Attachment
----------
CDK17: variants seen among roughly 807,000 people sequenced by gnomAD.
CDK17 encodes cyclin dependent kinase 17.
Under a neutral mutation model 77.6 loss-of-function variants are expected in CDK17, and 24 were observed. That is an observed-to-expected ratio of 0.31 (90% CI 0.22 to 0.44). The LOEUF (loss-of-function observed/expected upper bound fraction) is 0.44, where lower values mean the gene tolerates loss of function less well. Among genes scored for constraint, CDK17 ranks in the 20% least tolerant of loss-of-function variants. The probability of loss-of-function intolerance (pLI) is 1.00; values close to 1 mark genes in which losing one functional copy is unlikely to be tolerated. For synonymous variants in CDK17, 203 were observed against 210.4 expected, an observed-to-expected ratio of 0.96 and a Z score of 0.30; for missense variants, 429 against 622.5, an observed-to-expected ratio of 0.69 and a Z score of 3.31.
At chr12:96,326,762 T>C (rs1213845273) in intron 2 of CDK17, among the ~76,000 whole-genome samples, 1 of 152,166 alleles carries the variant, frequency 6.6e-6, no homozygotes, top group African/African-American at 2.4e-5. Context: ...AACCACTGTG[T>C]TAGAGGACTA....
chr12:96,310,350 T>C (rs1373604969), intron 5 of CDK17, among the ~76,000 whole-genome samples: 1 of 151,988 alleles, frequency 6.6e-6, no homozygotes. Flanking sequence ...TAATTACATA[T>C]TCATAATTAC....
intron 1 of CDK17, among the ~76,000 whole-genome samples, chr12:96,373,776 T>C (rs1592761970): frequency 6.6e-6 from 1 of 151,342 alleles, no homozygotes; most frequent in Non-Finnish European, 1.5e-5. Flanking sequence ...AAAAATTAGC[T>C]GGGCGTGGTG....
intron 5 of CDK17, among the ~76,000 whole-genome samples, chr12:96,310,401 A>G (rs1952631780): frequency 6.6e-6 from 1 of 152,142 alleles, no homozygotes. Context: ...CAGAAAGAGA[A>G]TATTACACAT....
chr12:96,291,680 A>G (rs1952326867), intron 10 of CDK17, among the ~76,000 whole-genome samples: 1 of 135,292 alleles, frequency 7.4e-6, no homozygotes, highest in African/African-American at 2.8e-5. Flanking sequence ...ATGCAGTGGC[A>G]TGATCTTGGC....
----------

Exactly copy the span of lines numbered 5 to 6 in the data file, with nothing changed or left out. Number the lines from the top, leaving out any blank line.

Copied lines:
chr12:96,310,350 T>C (rs1373604969), intron 5 of CDK17, among the ~76,000 whole-genome samples: 1 of 151,988 alleles, frequency 6.6e-6, no homozygotes. Flanking sequence ...TAATTACATA[T>C]TCATAATTAC....
intron 1 of CDK17, among the ~76,000 whole-genome samples, chr12:96,373,776 T>C (rs1592761970): frequency 6.6e-6 from 1 of 151,342 alleles, no homozygotes; most frequent in Non-Finnish European, 1.5e-5. Flanking sequence ...AAAAATTAGC[T>C]GGGCGTGGTG....